Inadequate or wrong equipment is often the cause of problem homemade wine. If you are new to making homemade wine it is essential that you invest in the proper equipment. Avoid using household items and doubly avoid household items that have been used to prepare or store other foods. It is best for anyone who is serious about homemade wine to purchase specialist equipment from winemaking retailers.

Third Mistake
Poor sanitation is regularly the culprit of disappointing wine. Although making wine from home is great fun it is also a precise science that should be conducted in a controlled environment. Sterile conditions are essential and you shouldn't take shortcuts with the proper preparation of your tools and containers.

Fourth Mistake
Incorrect yeast activation can adversely affect your wine production. Ensure that you use special vintners yeast and strictly adhere to the activation instructions. Temperature control is vital because if the yeast is too hot the cells will be killed and fail to activate. If too cold, yeast cells can slow down or even fall dormant thus hampering the fermentation process. Worse still, cells could reactivate later on and start re-fermenting your wine at the wrong time.

Fifth Mistake
The proper management of sugar levels can make or break your wine. With your hydrometer you should first monitor your sugar content to ensure that it is at a level compatible to your wine yeast. If the sugar is too high your homemade wine yeast might not be able to convert it all to alcohol and you will be left with residual sugar. Sugar content will determine the eventual alcohol content. No wine should be higher than 14% alcohol. Somewhere between 9% and 12% is probably best to aim for.

Sixth Mistake
Vinegar instead of wine will cause major disappointment to any winemaker and is the result of oxidation. Oxidation will take place if acid levels are not properly checked. Keeping your must free of contamination by rogue yeasts and bacteria and keeping the bottles full can help prevent this mistake. The use of Campden Tablets is also used to combat this problem.

Seventh Mistake
Sediments can spoil your homemade wine. Mistakes with your racking can lead to too much sediment entering the wine. You should only siphon the top part of the wine and leave the bottom layer where unwanted material has settled. Your must should also be kept still to prevent sediments being stirred up and entering the wine. This is also important in storage of the wine after it has been bottled. Store your wine somewhere that it won't be disturbed and is free of vibration to prevent any sediments interfering with the successful maturation of the wine.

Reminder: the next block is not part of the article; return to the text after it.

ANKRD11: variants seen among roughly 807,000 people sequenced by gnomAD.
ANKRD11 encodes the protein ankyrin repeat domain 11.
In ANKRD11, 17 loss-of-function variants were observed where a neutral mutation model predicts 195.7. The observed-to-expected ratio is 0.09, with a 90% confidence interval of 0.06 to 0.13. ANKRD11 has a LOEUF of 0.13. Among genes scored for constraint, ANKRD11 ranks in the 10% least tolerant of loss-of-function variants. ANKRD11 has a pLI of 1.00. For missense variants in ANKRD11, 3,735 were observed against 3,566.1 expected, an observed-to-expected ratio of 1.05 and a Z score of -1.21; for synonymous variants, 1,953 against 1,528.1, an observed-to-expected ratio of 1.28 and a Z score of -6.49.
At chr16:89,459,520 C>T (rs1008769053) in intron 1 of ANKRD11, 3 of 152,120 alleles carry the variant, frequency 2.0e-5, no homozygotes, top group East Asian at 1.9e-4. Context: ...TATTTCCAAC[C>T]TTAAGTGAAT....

Eighth Mistake
Haste has been a catastrophe for many homemade wines and a mistake that is both easy and common for the homemade winemaker to commit. Successful winemaking comes with being able to apply the necessary amount of patience. From the first fermenting stage through to the final maturation, wine should be given the right amount of time to complete it's complex phases. One of the biggest mistakes to avoid when making homemade wine is interfering when you should be patiently waiting while science and nature does all the work.


Mistakes to Avoid When Making Homemade Wine

Home Winemaking requires a significant input of effort, resources, and patience. So when the time comes for you enjoy your precious vintage you want to be sure that your investment pays off. You will have a much greater chance of success as a home vintner if you learn the mistakes to avoid when making homemade wine.

First Mistake
Often occurs right at the start by new winemakers failing to select and follow a reliable recipe. If you want the best possible results then you should follow the instructions of the experts. This is not the time for improvisation.

Second Mistake
Inadequate or wrong equipment is often the cause of problem homemade wine. If you are new to making homemade wine it is essential that you invest in the proper equipment. Avoid using household items and doubly avoid household items that have been used to prepare or store other foods. It is best for anyone who is serious about homemade wine to purchase specialist equipment from winemaking retailers.

Third Mistake
Poor sanitation is regularly the culprit of disappointing wine. Although making wine from home is great fun it is also a precise science that should be conducted in a controlled environment. Sterile conditions are essential and you shouldn't take shortcuts with the proper preparation of your tools and containers.

Fourth Mistake
Incorrect yeast activation can adversely affect your wine production. Ensure that you use special vintners yeast and strictly adhere to the activation instructions. Temperature control is vital because if the yeast is too hot the cells will be killed and fail to activate. If too cold, yeast cells can slow down or even fall dormant thus hampering the fermentation process. Worse still, cells could reactivate later on and start re-fermenting your wine at the wrong time.

Fifth Mistake
The proper management of sugar levels can make or break your wine. With your hydrometer you should first monitor your sugar content to ensure that it is at a level compatible to your wine yeast. If the sugar is too high your homemade wine yeast might not be able to convert it all to alcohol and you will be left with residual sugar. Sugar content will determine the eventual alcohol content. No wine should be higher than 14% alcohol. Somewhere between 9% and 12% is probably best to aim for.

Sixth Mistake